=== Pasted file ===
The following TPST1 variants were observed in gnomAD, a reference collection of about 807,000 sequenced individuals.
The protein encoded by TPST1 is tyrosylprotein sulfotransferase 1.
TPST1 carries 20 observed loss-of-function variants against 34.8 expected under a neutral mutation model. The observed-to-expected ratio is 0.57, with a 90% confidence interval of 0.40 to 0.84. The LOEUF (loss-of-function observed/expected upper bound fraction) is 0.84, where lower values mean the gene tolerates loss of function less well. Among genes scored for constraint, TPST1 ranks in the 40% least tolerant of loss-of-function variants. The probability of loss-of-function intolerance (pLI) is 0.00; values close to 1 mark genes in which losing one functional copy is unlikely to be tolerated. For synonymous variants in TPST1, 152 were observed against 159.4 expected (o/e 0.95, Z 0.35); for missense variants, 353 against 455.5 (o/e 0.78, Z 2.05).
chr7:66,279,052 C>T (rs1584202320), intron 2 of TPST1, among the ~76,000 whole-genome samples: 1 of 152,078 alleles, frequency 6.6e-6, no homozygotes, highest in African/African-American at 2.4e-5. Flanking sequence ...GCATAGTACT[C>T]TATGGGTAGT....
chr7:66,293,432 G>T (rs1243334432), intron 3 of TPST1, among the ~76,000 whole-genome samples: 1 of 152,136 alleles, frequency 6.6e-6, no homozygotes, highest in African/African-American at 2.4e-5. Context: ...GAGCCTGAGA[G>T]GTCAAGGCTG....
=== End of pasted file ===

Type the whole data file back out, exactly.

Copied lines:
The following TPST1 variants were observed in gnomAD, a reference collection of about 807,000 sequenced individuals.
The protein encoded by TPST1 is tyrosylprotein sulfotransferase 1.
TPST1 carries 20 observed loss-of-function variants against 34.8 expected under a neutral mutation model. The observed-to-expected ratio is 0.57, with a 90% confidence interval of 0.40 to 0.84. The LOEUF (loss-of-function observed/expected upper bound fraction) is 0.84, where lower values mean the gene tolerates loss of function less well. Among genes scored for constraint, TPST1 ranks in the 40% least tolerant of loss-of-function variants. The probability of loss-of-function intolerance (pLI) is 0.00; values close to 1 mark genes in which losing one functional copy is unlikely to be tolerated. For synonymous variants in TPST1, 152 were observed against 159.4 expected (o/e 0.95, Z 0.35); for missense variants, 353 against 455.5 (o/e 0.78, Z 2.05).
chr7:66,279,052 C>T (rs1584202320), intron 2 of TPST1, among the ~76,000 whole-genome samples: 1 of 152,078 alleles, frequency 6.6e-6, no homozygotes, highest in African/African-American at 2.4e-5. Flanking sequence ...GCATAGTACT[C>T]TATGGGTAGT....
chr7:66,293,432 G>T (rs1243334432), intron 3 of TPST1, among the ~76,000 whole-genome samples: 1 of 152,136 alleles, frequency 6.6e-6, no homozygotes, highest in African/African-American at 2.4e-5. Context: ...GAGCCTGAGA[G>T]GTCAAGGCTG....